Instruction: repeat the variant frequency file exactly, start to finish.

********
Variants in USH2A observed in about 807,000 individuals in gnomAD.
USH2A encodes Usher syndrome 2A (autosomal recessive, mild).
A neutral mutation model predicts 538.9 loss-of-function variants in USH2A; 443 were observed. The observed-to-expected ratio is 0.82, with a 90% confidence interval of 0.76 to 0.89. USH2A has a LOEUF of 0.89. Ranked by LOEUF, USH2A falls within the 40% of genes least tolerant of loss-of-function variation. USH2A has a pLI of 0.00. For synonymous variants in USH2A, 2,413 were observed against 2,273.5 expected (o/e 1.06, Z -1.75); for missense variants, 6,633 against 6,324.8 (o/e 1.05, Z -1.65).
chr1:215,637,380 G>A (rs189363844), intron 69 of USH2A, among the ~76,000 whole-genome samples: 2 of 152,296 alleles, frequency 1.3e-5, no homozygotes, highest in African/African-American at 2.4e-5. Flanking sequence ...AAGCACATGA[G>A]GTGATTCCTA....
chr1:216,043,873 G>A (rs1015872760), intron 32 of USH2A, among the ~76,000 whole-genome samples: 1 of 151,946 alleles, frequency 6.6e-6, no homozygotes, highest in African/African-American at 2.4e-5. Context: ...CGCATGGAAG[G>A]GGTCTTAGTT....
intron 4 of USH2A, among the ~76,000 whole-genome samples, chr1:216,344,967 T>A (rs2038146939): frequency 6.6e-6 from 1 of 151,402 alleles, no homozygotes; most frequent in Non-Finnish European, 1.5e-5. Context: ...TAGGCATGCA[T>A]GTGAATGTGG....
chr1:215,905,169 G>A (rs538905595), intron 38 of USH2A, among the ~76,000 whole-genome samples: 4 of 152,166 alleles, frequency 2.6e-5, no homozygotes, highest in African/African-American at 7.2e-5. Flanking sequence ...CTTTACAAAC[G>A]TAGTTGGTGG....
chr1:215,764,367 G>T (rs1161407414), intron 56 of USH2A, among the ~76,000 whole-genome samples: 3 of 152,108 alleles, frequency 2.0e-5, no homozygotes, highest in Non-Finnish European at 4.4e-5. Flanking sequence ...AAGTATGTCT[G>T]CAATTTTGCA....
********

Variants in USH2A observed in about 807,000 individuals in gnomAD.
USH2A encodes Usher syndrome 2A (autosomal recessive, mild).
A neutral mutation model predicts 538.9 loss-of-function variants in USH2A; 443 were observed. The observed-to-expected ratio is 0.82, with a 90% confidence interval of 0.76 to 0.89. USH2A has a LOEUF of 0.89. Ranked by LOEUF, USH2A falls within the 40% of genes least tolerant of loss-of-function variation. USH2A has a pLI of 0.00. For synonymous variants in USH2A, 2,413 were observed against 2,273.5 expected (o/e 1.06, Z -1.75); for missense variants, 6,633 against 6,324.8 (o/e 1.05, Z -1.65).
chr1:215,637,380 G>A (rs189363844), intron 69 of USH2A, among the ~76,000 whole-genome samples: 2 of 152,296 alleles, frequency 1.3e-5, no homozygotes, highest in African/African-American at 2.4e-5. Flanking sequence ...AAGCACATGA[G>A]GTGATTCCTA....
chr1:216,043,873 G>A (rs1015872760), intron 32 of USH2A, among the ~76,000 whole-genome samples: 1 of 151,946 alleles, frequency 6.6e-6, no homozygotes, highest in African/African-American at 2.4e-5. Context: ...CGCATGGAAG[G>A]GGTCTTAGTT....
intron 4 of USH2A, among the ~76,000 whole-genome samples, chr1:216,344,967 T>A (rs2038146939): frequency 6.6e-6 from 1 of 151,402 alleles, no homozygotes; most frequent in Non-Finnish European, 1.5e-5. Context: ...TAGGCATGCA[T>A]GTGAATGTGG....
chr1:215,905,169 G>A (rs538905595), intron 38 of USH2A, among the ~76,000 whole-genome samples: 4 of 152,166 alleles, frequency 2.6e-5, no homozygotes, highest in African/African-American at 7.2e-5. Flanking sequence ...CTTTACAAAC[G>A]TAGTTGGTGG....
chr1:215,764,367 G>T (rs1161407414), intron 56 of USH2A, among the ~76,000 whole-genome samples: 3 of 152,108 alleles, frequency 2.0e-5, no homozygotes, highest in Non-Finnish European at 4.4e-5. Flanking sequence ...AAGTATGTCT[G>T]CAATTTTGCA....